Over the years, marginalization has characterized women participation in politics due to alleged inhibiting social, cultural and religious factors. These factors purportedly affect women’s active involvement in politics. However, various moves to correct this disadvantaged position of women in politics have proved abortive as the spate of women involvement is still low. Based on this challenge, this study appraised women political participation in Nigeria with special interest in Enugu State under the present Fourth Republic. The Ambivalent Sexism theory as espoused by Glick and Fiske (1997; 2001) was adopted as the framework of analysis for the study. This theory posits that there is a kind of relationship between men and women which results in deep ambivalence. It further maintains that hostile and benevolent sexism complement each other in reinforcing traditional gender roles and preserving patriarchal social structures of women as subordinate to men. The data for the study were collected using questionnaire as primary source, while textbooks, journals, internet materials were for secondary source. These data collected were analyzed using Linear Regression. The study revealed that perception of women and their traditional roles in the society largely militates against their active political participation in Nigeria especially in Enugu State (β =.258; t=4.589; p<0.01). However, the study recommended that all traditional, cultural and institutional inhibitions preventing Nigerian women from active participation in politics should be abolished at all cost.
Women involvement in governance and decision making has generated a lot of anxiety in international community. This is as a result of global anxiety on inactive political participation of women especially in Africa despite concerted efforts being made by governments, non-governmental organizations and civil society groups on the need for proper integration of women in political process of various countries.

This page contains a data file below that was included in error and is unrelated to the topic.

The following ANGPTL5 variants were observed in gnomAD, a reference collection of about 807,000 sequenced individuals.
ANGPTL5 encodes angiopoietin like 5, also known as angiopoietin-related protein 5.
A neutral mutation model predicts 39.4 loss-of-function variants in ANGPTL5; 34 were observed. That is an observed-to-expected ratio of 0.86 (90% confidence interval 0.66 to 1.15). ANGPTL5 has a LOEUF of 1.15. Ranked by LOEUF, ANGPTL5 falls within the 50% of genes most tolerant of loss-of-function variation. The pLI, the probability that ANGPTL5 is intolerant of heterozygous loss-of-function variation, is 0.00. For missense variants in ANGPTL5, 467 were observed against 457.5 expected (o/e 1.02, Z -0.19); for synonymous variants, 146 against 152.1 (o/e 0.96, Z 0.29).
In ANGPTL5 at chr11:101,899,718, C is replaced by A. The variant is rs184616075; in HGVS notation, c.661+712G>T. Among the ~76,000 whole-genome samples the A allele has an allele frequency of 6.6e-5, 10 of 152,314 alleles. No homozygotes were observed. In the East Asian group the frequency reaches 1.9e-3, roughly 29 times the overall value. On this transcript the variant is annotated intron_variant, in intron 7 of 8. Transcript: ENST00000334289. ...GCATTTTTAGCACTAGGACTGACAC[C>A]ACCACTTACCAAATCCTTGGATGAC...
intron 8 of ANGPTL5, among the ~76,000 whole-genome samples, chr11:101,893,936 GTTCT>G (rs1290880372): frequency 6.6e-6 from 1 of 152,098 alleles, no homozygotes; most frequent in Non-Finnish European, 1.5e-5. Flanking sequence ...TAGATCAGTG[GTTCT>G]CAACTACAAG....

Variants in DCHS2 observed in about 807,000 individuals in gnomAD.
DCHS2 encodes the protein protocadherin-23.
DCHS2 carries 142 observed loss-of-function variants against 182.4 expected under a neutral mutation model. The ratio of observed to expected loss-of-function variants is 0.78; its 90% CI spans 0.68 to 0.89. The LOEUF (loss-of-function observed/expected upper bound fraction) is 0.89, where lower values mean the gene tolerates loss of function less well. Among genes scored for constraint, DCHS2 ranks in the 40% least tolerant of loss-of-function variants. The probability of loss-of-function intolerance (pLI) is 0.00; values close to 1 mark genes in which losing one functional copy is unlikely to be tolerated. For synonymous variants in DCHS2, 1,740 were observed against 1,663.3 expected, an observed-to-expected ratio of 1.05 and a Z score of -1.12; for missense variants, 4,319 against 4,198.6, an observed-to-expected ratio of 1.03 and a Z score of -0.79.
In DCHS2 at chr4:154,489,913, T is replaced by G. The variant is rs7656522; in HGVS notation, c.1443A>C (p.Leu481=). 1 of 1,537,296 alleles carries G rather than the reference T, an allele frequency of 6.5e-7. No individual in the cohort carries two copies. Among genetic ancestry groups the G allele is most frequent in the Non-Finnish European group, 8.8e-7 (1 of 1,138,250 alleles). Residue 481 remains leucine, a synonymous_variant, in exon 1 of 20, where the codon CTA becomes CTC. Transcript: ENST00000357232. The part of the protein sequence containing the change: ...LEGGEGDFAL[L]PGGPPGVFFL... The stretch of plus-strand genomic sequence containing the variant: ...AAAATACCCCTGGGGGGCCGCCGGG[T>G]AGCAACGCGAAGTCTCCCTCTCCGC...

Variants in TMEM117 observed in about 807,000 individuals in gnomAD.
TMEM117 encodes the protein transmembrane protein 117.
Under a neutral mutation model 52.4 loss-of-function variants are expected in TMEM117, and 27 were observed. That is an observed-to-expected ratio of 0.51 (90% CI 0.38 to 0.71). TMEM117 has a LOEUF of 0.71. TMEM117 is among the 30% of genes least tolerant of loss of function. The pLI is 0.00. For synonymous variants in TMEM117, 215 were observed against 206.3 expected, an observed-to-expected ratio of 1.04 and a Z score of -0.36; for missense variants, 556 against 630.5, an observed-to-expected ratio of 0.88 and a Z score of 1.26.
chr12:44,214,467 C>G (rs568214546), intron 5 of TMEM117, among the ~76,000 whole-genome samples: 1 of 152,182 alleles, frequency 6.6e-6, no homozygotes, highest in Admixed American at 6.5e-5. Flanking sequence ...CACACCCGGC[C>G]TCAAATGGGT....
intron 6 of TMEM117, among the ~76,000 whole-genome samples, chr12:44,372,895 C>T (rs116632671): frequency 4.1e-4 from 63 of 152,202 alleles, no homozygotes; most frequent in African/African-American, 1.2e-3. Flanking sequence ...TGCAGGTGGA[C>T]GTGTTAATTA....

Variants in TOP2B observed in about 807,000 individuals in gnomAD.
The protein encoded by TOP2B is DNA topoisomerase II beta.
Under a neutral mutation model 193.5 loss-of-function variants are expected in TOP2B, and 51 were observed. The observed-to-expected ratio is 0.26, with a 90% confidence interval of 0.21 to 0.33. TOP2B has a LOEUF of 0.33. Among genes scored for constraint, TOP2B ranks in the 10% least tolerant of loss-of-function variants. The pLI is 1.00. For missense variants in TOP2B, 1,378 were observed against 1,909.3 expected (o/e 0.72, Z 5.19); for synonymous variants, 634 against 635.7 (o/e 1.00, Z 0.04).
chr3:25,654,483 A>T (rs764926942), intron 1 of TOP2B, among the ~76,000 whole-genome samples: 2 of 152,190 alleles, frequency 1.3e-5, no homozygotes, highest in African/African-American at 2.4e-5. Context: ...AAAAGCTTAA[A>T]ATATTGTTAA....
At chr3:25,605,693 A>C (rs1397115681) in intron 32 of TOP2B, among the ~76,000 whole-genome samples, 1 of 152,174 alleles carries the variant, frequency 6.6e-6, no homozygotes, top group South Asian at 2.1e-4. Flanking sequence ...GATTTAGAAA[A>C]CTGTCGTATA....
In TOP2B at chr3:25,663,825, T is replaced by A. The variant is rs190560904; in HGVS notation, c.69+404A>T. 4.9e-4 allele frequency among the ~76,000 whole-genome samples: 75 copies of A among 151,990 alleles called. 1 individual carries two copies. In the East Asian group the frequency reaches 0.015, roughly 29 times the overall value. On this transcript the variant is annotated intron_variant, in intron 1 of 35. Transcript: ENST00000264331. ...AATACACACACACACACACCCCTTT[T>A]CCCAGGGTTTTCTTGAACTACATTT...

Women do not only comprise the majority in terms of population in Nigeria, they also play a crucial role in society as procreators of posterity as well as producers of goods and services. Although, women have made great strides forward in obtaining a vote and right to be elected to political offices in the advanced countries of Europe, America and developing countries like India, they still constitute less than 15 per cent of the Members of Parliament, and less than 5 per cent of heads of states worldwide. They hold only a fraction of other leadership positions nationally and internationally (Kasomo, 2012:1). Men have continued to dominate women in political, economic, social, and religious realms in global records. This situation has necessitated the clarion call that women should be empowered by giving them due status, rights, and responsibilities to enable them participate actively in decision making at the political level (Kasomo, 2012:1). Consequently, issues concerning women have received serious attention from the United Nations and its specialized agencies. For instance, the principle of equality of men and women was recognized in the United Nations Charter (1945), and subsequently in the Universal Declaration of Human Rights (1948). There were also the Beijing conference and the affirmative principle, all geared at increasing women’s quota in political offices.
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